Baked Alaska

Someone told us the boss was dead. He fell off a ladder, got hit by a car, drank from the wrong bottle. Something. Anyway, he was dead now and that meant things were going to be different. I was planning on joining the Navy in a few months so it didn’t matter much to me anyway. Within a few days we had a new boss.

I was moving some of the power supplies that I’d just finished repairing onto a shelf when Laynie came up and said she wanted to talk to me on break. I had been to her house a few nights before for dinner. She had a long narrow house with a low ceiling, barely high enough to stand up in.

After dinner, and after we put her son to bed, we sat on the couch close to each other, looking at a picture book of Alaska, the place she really wanted to live. New England was a long way from Alaska for someone who lived in a converted chicken coop. When we finished with the book, we kissed for a while without making eye contact, then we went to bed and helped each other out before going to sleep.

Now she wanted to talk about it.

She was smoking as we stood on the loading dock watching the rain.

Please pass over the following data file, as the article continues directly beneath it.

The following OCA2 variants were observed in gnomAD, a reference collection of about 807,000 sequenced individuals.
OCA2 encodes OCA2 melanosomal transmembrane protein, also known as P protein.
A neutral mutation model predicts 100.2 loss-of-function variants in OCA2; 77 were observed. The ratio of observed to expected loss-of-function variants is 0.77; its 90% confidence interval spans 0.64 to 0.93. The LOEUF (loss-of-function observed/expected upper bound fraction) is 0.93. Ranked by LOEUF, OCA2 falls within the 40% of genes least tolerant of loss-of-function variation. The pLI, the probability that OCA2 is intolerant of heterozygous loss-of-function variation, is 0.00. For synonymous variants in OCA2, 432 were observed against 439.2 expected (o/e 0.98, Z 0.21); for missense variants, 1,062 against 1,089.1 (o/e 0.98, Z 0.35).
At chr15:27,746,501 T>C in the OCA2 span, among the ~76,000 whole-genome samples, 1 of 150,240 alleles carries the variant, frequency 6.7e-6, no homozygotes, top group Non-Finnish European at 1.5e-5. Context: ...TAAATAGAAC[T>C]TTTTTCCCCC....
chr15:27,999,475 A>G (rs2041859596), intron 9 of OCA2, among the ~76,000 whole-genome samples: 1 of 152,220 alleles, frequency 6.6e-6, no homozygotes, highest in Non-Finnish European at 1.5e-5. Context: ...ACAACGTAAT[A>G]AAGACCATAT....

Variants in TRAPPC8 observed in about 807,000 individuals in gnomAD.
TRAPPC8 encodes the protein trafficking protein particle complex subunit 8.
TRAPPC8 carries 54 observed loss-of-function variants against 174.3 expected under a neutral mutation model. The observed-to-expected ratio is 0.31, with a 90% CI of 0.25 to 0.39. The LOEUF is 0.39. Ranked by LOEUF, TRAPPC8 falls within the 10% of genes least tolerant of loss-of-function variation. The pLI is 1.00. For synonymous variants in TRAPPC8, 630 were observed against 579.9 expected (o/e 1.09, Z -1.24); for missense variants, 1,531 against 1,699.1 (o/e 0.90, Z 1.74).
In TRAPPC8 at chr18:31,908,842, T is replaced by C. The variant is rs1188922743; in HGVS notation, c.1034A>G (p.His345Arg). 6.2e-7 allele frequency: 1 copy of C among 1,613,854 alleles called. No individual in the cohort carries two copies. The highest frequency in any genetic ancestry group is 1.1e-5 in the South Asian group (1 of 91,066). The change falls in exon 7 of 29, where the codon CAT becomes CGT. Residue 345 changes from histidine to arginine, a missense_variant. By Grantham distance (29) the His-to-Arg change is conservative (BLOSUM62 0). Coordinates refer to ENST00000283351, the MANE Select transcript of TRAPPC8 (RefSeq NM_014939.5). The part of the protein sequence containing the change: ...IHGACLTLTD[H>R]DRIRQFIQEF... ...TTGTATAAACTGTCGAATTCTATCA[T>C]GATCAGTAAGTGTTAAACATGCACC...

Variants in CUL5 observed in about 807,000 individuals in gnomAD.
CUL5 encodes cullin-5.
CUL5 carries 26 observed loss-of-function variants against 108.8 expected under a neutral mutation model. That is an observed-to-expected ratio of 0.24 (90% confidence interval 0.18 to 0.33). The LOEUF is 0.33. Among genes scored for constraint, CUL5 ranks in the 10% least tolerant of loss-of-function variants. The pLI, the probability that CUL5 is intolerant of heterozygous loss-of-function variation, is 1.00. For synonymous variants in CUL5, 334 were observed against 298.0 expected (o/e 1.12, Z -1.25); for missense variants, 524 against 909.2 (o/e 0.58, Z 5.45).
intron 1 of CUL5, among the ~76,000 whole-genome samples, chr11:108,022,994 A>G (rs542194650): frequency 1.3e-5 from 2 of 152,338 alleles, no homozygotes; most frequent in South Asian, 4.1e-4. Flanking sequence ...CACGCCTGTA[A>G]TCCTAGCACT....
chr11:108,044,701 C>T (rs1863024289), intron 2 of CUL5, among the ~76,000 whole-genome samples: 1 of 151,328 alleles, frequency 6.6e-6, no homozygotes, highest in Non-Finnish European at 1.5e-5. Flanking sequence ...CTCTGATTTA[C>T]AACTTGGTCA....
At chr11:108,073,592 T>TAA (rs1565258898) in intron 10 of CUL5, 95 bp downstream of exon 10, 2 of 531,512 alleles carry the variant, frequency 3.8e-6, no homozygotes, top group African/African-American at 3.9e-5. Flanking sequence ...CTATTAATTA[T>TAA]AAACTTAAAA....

“What do you think of the new boss?” she said, although she didn’t care what I thought of him. She was just saying something until she got to the point. She wanted to talk about the guy she really loved, the one she missed.

I shrugged. “It doesn’t matter.” There were some trees across the lot with rain bouncing off their leaves. Then she said:

“I can’t sleep with anyone else without thinking of him.”

I looked at her briefly then looked away again. She was twenty-nine, ten years older than me, with very long brown hair, and said once that she had almost gone to Woodstock but at the last minute it hadn’t work out.

“Does that mean you thought of him the other night?” I said.

She smoked a little more with one arm across her chest.

“Don’t ask questions that you don’t want the answers to,” she said. Then she tossed her cigarette into a puddle. It made a small desperate hiss.

I leaned against a pole, not saying anything, just looking out into the rain, which showed no signs of letting up. After a minute she went back inside.

I continued not saying anything to her until I went into the Navy, even after she apologized, even after she cried. I was young and thought I deserved more than I did.


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